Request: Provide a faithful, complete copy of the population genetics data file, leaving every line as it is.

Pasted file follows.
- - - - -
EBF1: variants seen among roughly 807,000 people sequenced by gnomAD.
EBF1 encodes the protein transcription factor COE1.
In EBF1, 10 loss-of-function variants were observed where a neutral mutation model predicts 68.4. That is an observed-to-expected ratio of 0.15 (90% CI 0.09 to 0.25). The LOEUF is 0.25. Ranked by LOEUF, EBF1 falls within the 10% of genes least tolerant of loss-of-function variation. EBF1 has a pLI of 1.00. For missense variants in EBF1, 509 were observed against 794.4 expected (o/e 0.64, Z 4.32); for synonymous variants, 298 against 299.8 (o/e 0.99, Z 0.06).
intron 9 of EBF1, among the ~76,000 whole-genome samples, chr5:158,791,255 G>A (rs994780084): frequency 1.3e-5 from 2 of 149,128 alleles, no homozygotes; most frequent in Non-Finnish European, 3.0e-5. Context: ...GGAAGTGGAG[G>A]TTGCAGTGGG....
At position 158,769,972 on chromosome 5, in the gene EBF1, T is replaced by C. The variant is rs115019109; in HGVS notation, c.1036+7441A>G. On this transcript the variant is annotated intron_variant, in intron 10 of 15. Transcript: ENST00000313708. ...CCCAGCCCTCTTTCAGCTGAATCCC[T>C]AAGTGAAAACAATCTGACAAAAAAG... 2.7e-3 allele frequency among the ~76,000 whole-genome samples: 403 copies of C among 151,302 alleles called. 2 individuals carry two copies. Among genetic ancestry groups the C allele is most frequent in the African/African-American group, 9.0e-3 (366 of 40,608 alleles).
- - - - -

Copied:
EBF1: variants seen among roughly 807,000 people sequenced by gnomAD.
EBF1 encodes the protein transcription factor COE1.
In EBF1, 10 loss-of-function variants were observed where a neutral mutation model predicts 68.4. That is an observed-to-expected ratio of 0.15 (90% CI 0.09 to 0.25). The LOEUF is 0.25. Ranked by LOEUF, EBF1 falls within the 10% of genes least tolerant of loss-of-function variation. EBF1 has a pLI of 1.00. For missense variants in EBF1, 509 were observed against 794.4 expected (o/e 0.64, Z 4.32); for synonymous variants, 298 against 299.8 (o/e 0.99, Z 0.06).
intron 9 of EBF1, among the ~76,000 whole-genome samples, chr5:158,791,255 G>A (rs994780084): frequency 1.3e-5 from 2 of 149,128 alleles, no homozygotes; most frequent in Non-Finnish European, 3.0e-5. Context: ...GGAAGTGGAG[G>A]TTGCAGTGGG....
At position 158,769,972 on chromosome 5, in the gene EBF1, T is replaced by C. The variant is rs115019109; in HGVS notation, c.1036+7441A>G. On this transcript the variant is annotated intron_variant, in intron 10 of 15. Transcript: ENST00000313708. ...CCCAGCCCTCTTTCAGCTGAATCCC[T>C]AAGTGAAAACAATCTGACAAAAAAG... 2.7e-3 allele frequency among the ~76,000 whole-genome samples: 403 copies of C among 151,302 alleles called. 2 individuals carry two copies. Among genetic ancestry groups the C allele is most frequent in the African/African-American group, 9.0e-3 (366 of 40,608 alleles).